Regards as always
I will mention that Steve is a published author of children’s books and, like Roald Dahl, has also written darker adult books.
Some more door stop thoughts and some vintage doorstop pics, including those that would today be totally unacceptable as racist and stereotyping . . .
Sunday, January 28, 2018
We all know what a doorstop is, right? It’s an object used to keep a door open, and I was put in mind of that when I was looking for something to prop open our front door on a windy day whilst Kate and I sat outside on the porch, letting Tux and Kane have a play. Instinctively, without thinking, I wondered where the doorstop was that we had used when my brothers and I were growing up. It was one of these . . .
For younger readers who may not know what it is, it is a shoe repair last, aka a cobblers’ awl or last, from the days when people repaired their own shoes at home, rather than just throwing them out. Bigger tasks were done by the local bootmaker. How long since you’ve seen a bootmaker’s shop? Not a Mr Minit kiosk but a traditional bootmaker’s? I used to love going in and smelling the leather, the glue. We still have a bootmaker’s shop in Ashfield:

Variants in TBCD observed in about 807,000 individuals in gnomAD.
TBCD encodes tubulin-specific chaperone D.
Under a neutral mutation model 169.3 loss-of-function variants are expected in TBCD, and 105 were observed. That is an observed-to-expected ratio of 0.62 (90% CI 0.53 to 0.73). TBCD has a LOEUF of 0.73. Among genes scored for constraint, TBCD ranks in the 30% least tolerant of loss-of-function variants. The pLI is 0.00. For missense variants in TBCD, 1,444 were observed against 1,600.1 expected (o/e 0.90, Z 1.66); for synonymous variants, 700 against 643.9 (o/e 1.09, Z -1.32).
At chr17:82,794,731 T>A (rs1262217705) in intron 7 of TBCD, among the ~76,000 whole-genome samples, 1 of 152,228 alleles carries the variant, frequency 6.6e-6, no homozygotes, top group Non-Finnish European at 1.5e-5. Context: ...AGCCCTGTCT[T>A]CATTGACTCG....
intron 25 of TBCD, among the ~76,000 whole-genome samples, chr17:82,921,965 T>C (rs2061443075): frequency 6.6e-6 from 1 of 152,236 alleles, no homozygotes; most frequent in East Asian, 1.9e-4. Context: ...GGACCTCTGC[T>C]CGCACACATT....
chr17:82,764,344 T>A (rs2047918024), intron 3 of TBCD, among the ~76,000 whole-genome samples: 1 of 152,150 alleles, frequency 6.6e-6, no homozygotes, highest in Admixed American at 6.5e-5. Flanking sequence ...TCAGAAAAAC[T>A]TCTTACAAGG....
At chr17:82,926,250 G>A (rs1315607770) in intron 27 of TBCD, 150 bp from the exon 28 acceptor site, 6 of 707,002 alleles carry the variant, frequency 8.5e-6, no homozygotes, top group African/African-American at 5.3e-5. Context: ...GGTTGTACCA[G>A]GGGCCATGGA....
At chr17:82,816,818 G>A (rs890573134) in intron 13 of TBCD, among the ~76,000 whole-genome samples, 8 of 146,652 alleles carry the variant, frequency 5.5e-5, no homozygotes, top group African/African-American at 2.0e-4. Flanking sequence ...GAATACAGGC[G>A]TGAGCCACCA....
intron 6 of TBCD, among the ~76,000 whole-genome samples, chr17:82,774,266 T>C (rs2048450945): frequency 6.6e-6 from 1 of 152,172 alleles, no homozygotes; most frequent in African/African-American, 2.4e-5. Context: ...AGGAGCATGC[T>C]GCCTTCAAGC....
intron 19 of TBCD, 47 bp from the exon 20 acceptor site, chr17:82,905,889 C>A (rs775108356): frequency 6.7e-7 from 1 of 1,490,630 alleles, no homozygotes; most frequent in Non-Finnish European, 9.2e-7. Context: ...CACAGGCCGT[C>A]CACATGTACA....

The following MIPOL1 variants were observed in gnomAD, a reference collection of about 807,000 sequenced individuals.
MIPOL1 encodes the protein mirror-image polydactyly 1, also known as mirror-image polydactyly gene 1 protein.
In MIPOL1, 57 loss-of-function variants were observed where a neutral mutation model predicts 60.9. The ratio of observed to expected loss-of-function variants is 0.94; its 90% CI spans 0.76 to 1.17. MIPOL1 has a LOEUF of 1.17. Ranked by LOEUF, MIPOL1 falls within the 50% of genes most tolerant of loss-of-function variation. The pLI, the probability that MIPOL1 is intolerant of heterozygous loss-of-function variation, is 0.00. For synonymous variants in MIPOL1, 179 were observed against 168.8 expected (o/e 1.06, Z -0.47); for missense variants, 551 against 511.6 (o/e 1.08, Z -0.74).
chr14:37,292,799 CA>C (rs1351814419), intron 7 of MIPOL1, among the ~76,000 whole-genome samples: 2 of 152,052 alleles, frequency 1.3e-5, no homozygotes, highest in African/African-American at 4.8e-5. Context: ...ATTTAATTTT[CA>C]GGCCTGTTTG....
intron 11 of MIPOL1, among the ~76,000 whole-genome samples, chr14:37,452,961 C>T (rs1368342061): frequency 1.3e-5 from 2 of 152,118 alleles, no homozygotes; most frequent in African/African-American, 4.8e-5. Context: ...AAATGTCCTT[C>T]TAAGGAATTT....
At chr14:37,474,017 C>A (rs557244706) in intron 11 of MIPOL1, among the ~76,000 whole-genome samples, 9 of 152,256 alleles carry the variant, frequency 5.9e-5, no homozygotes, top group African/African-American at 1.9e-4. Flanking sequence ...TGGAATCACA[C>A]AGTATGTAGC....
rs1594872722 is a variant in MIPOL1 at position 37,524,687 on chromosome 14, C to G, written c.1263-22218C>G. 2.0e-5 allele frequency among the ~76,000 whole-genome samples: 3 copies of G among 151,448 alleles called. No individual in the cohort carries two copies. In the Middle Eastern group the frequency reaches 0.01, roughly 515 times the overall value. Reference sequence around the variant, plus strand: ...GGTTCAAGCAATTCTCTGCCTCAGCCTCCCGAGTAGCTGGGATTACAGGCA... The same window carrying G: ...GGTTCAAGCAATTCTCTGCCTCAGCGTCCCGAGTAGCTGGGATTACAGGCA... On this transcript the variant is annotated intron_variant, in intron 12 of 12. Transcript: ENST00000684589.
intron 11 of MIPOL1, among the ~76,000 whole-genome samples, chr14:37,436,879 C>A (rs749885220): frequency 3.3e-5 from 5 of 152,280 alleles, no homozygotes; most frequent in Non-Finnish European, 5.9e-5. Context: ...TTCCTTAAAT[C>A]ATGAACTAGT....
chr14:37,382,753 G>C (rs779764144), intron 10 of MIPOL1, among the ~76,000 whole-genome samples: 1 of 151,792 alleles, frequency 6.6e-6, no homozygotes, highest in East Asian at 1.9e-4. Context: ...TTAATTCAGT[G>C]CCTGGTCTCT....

Elias Stavrou opened the shoe repair business in the late 1960s, his brother in law Arthur Gerakas taking over the shop in 1976. Arthur’s son, Jim, has run the shop since the mid 1990s. Arthur continues working in the shop for a few hours a day, helping out Jim.
But I digress.
I ended up propping the door with a cricket bat that we keep near the hallstand as a protective measure. Well, you never know, do you.
It started me thinking about doorstops.
A few weeks ago I posted pics of amazing knockers, door knockers, that is. More of those pics are yet to come. Today, some pics, not of cobblers’ awls, but of amazing doorstops . . .
For Game of Thrones fans, here is the Hodor range of doorstops (GOT fans will know the significance). I took a liking to the gold bullion doorstop and ordered one via Amazon. When I told Kate that I had ordered it, she said that she was glad that I hadn't ordered the Hodor doorstep, it would make her sad every time that she saw it . . .
And speaking of Game of Thrones items, I want one of these, a fitting that turns every seat into the Iron Throne . . .